Makoto Yamashita, a production manager at Dentsu Creative X and a member of Dentsu Craft Tokyo

The idea to create a seal that reveals the owner’s face came from a desire to create something that could help people remember each other

Please tell us about Hankohan.

It is a Japanese-style personal hanko seal that is innovative in two new ways. Firstly, the design itself that the seal produces is innovative. Traditionally, the owner’s name is engraved in a stamp, but we based the design on the owner’s own face. Through an original algorithm, the design is created from a scanned photo of the user’s face, made possible using facial recognition technology equipped in a smartphone or similar device. Along with that, the design combines the facial features with the user’s initials. Since the seal’s impression shows a representation of the owner’s face, Hankohan is even more personal than the conventional hanko seals used in Japan.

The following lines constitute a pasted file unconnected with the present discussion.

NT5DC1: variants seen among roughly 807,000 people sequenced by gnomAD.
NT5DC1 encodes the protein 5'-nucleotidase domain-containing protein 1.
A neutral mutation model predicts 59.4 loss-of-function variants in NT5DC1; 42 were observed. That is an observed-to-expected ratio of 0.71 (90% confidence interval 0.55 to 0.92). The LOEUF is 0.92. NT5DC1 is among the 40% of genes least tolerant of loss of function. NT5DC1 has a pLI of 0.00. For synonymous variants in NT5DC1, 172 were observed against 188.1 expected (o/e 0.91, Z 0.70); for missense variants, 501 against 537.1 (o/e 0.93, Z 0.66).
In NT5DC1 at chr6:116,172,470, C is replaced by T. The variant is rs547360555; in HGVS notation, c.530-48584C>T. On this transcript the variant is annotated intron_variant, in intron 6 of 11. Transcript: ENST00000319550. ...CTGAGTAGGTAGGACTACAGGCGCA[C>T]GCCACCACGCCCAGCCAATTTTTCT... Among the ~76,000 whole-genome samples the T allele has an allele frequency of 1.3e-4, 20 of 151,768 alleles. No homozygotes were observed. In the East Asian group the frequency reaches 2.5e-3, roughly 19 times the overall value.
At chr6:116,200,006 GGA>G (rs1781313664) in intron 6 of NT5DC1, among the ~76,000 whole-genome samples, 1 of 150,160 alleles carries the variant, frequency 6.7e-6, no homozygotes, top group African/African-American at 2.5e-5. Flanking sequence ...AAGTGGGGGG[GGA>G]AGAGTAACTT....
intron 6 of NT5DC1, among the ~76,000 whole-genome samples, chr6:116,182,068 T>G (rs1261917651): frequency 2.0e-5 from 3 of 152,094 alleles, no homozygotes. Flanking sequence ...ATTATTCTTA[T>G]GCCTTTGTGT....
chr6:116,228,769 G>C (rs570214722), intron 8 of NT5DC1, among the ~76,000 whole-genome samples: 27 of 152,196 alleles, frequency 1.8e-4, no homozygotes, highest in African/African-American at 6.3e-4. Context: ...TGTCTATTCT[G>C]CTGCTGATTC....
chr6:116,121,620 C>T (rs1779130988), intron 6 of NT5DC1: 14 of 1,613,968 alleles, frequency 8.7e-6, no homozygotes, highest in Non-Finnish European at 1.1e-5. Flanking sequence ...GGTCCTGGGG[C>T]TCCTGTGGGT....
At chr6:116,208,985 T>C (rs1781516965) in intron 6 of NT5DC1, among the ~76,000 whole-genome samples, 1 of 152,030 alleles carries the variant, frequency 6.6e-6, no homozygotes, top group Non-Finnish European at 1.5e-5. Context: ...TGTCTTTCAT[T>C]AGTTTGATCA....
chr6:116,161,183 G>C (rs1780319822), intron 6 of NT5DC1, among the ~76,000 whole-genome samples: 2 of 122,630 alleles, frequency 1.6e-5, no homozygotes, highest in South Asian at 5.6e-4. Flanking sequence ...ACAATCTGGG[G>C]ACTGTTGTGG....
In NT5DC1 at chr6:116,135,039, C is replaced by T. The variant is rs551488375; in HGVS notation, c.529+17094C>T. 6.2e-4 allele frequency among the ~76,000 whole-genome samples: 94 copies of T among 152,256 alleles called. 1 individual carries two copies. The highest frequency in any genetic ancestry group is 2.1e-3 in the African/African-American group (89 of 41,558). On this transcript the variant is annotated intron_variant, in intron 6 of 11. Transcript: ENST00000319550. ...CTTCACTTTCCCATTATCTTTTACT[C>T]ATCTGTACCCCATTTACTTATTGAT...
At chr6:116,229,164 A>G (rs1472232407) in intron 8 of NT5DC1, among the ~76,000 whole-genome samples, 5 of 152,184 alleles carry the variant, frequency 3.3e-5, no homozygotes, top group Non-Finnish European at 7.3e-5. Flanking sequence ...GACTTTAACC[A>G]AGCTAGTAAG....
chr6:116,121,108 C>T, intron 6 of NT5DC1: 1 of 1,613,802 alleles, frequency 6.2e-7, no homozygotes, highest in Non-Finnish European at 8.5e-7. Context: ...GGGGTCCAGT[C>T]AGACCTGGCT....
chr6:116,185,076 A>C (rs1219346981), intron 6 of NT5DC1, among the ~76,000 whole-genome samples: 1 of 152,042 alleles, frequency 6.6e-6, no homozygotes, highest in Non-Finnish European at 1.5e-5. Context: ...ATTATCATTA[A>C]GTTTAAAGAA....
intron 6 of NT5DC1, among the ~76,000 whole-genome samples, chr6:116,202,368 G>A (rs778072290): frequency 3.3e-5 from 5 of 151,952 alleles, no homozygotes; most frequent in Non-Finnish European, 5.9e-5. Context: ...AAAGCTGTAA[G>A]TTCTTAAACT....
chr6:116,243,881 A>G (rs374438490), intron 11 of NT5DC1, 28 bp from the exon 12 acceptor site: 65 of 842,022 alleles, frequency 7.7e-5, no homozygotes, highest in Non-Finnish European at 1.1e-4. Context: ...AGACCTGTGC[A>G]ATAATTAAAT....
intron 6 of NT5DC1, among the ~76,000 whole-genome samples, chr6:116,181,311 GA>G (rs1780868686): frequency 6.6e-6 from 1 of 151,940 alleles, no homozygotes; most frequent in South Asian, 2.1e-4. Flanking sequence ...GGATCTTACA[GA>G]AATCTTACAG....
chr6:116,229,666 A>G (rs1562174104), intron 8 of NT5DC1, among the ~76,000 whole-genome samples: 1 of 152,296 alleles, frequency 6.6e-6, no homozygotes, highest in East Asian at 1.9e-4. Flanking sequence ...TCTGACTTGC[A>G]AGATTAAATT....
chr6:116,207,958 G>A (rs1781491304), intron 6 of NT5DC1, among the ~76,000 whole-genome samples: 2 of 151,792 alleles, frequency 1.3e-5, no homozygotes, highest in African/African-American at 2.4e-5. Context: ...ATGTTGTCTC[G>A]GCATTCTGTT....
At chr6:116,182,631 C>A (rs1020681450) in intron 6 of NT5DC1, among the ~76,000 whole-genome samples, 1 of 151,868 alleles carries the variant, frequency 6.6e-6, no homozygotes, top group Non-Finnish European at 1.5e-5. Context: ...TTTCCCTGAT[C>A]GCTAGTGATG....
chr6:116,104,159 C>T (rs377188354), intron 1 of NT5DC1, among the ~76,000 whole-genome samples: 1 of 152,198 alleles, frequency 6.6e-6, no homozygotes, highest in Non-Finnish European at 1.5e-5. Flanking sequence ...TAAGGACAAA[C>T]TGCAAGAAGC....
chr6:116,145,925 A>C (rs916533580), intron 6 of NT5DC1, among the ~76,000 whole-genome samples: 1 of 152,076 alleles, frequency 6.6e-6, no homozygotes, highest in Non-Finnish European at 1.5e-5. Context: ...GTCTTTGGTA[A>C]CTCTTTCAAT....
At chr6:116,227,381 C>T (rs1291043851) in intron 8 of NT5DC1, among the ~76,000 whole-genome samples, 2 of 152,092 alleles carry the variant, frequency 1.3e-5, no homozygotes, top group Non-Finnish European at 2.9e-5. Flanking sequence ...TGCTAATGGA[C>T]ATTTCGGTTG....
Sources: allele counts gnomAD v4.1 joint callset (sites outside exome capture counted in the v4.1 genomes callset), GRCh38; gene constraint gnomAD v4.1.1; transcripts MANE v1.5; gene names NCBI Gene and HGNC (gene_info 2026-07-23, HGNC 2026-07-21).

It is also innovative in the way that it integrates AR. Specifically, when you look at the seal’s impression using our specialized app, the image of the owner’s face and other data actually pops up over the design. A website address can be displayed along with the face, and by clicking on it, you will go to a website containing information about the owner.